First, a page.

Tom Hanks Talks 'Hologram for the King' Relatability: "How Many Americans Are in That Same Boat?"
Tom Tykwer's adaptation of Dave Eggers' novel stars Hanks as "a representation of a certain generation of American businesspeople who are trapped in this complicated zone of being too old to start over and too young to retire."
Tom Hanks says that A Hologram for the King can hit close to home for American audiences.
"There is a degree of authenticity to it that people can recognize," he told The Hollywood Reporter at the film's world premiere on Wednesday night at the 2016 Tribeca Film Festival, explaining that his character, Alan Clay, used to help run Schwinn Bicycles in its heyday, before they were manufactured in China.
As he heads to the Middle East to pitch a hologram communications platform to the region's royalty, Hanks explained that "this guy is now in charge of trying to make the biggest sale of his life, because it might be the last sale of his life, in a place that's as confusing as Saudi Arabia and of technology he probably doesn't even understand. How many Americans are in that same boat: trying to make sense of a technology they don't understand, a cutthroat economic environment in a world in which the ground rules are not just shifting — they're changing languages?"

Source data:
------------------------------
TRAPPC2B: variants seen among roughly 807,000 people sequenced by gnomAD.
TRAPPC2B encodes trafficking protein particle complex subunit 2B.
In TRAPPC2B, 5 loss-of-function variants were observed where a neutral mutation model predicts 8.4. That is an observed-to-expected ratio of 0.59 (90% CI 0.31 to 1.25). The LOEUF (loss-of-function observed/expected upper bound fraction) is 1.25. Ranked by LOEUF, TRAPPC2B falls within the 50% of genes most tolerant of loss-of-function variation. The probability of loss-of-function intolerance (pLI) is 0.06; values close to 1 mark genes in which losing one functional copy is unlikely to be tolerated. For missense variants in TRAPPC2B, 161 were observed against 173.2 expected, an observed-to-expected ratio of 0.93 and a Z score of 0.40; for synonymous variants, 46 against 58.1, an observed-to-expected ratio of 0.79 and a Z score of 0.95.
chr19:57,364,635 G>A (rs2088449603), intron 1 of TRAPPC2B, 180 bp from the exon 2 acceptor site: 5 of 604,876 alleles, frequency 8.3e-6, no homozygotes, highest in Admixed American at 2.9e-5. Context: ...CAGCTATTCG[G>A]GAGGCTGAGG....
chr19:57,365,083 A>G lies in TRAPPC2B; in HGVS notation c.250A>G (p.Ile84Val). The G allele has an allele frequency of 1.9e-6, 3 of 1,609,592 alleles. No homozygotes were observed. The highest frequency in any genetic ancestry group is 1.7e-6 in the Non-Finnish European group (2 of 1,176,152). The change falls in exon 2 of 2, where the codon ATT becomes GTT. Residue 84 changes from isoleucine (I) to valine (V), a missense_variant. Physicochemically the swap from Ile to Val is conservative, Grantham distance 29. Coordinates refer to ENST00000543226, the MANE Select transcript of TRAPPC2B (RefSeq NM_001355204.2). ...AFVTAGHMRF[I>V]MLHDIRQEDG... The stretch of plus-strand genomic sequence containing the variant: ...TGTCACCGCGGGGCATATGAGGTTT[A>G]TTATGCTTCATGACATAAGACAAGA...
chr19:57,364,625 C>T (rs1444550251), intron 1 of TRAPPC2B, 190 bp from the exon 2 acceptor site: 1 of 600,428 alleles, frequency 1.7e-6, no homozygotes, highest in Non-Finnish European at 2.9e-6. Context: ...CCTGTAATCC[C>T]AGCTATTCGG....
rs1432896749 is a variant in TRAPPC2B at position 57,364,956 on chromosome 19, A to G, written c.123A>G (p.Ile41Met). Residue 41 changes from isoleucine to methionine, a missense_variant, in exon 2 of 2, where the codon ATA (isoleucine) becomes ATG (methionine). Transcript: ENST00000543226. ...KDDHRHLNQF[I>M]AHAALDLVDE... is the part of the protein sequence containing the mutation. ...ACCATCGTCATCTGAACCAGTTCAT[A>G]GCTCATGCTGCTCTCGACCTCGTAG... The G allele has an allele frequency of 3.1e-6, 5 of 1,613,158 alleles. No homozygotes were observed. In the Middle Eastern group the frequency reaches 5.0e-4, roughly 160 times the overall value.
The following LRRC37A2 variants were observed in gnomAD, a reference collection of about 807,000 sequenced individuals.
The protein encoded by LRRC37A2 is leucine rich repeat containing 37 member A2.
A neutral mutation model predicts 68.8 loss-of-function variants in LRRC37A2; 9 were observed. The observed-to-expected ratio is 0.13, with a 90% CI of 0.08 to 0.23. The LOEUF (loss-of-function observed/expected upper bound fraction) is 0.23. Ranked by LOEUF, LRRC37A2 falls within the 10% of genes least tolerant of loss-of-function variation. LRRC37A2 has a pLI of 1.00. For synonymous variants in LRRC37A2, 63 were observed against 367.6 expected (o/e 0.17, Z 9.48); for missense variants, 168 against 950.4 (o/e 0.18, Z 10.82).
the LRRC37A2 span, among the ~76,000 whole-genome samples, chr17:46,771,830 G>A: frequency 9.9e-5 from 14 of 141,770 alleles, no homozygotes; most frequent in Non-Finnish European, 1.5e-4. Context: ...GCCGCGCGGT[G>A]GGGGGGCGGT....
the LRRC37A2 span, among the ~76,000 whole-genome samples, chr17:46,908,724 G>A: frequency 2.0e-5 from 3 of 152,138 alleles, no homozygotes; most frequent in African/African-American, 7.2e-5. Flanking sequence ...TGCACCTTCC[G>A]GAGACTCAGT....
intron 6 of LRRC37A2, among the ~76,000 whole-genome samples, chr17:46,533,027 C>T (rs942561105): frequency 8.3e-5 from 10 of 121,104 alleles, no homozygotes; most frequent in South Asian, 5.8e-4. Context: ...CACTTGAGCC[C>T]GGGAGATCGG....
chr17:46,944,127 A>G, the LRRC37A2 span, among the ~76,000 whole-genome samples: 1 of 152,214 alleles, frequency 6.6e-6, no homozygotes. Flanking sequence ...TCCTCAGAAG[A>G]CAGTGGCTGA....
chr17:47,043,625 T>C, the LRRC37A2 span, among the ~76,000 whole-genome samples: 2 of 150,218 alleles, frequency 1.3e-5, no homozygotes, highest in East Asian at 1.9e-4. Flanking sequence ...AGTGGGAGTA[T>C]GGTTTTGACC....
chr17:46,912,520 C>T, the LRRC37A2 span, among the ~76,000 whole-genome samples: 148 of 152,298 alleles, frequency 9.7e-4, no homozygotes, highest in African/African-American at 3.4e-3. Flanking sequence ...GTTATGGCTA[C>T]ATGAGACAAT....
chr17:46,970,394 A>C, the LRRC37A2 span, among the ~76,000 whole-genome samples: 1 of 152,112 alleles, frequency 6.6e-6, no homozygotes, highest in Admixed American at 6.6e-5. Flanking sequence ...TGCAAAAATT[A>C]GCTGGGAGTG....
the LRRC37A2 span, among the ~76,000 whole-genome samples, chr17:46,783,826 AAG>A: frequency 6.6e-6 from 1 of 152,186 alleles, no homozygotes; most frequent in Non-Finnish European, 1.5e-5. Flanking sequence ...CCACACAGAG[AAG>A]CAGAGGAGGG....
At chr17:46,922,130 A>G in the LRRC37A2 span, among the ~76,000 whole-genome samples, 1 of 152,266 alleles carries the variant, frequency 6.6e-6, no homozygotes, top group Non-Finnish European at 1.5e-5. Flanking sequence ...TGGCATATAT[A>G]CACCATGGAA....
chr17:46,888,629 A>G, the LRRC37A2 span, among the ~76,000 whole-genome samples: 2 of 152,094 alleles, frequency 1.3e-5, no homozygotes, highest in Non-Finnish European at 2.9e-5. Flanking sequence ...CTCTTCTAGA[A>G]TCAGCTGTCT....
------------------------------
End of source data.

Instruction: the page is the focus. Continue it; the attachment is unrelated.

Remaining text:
Yet it's not overtly political or money-minded, said Hanks, as Alan Clay's plight to avoid becoming obsolete also applies to his familial and romantic life. "In a lot of ways, it's just a movie about a guy who goes and meets some fun people and might fall in love or not. But [Alan's business pitch] is something that everybody can recognize, even though they don't have their finger on the pulse of Businessweek or The Wall Street Journal."
Tom Tykwer adapted Dave Eggers' 2012 novel with Hanks in mind to star. "It's a tricky character, a representation of a certain generation of American businesspeople who are trapped in this complicated zone of being too old to start over and too young to retire. But because of the economic problems we're facing, they're not really needed much, it seems," said Tykwer, who cast Hanks in 2012's Cloud Atlas. "Tom can show this guy being difficult and trapped but still have [the audience] stay with him, because he brings in a sense of humor even in the darkest moments. He's both a comic and dramatic genius."
After the world premiere screening, Hanks, Tykwer, Sarita Choudhury and Alexander Black discussed adding comical road-trip and rom-com moments to a bleak novel. "It seemed like a joyful film, but it's not ignoring the complexities of the place or the situations that these people are in," said the director, who managed the shoot amid stormy desert weather, broken-down car rigs and bubbly underwater kissing scenes — while sharing a single shower.
Telling hilarious anecdotes with the audience, Hanks said, "The great thing about making movies like this is you do have adventures."
"I hope the movie is, in unexpected but satisfying terms, reminding us that we're all people," said Tykwer. "No matter where you travel, you'll be surprised how many people you can meet and deeply connect with. The world isn't as separated as it used to be. … We're less different than we think."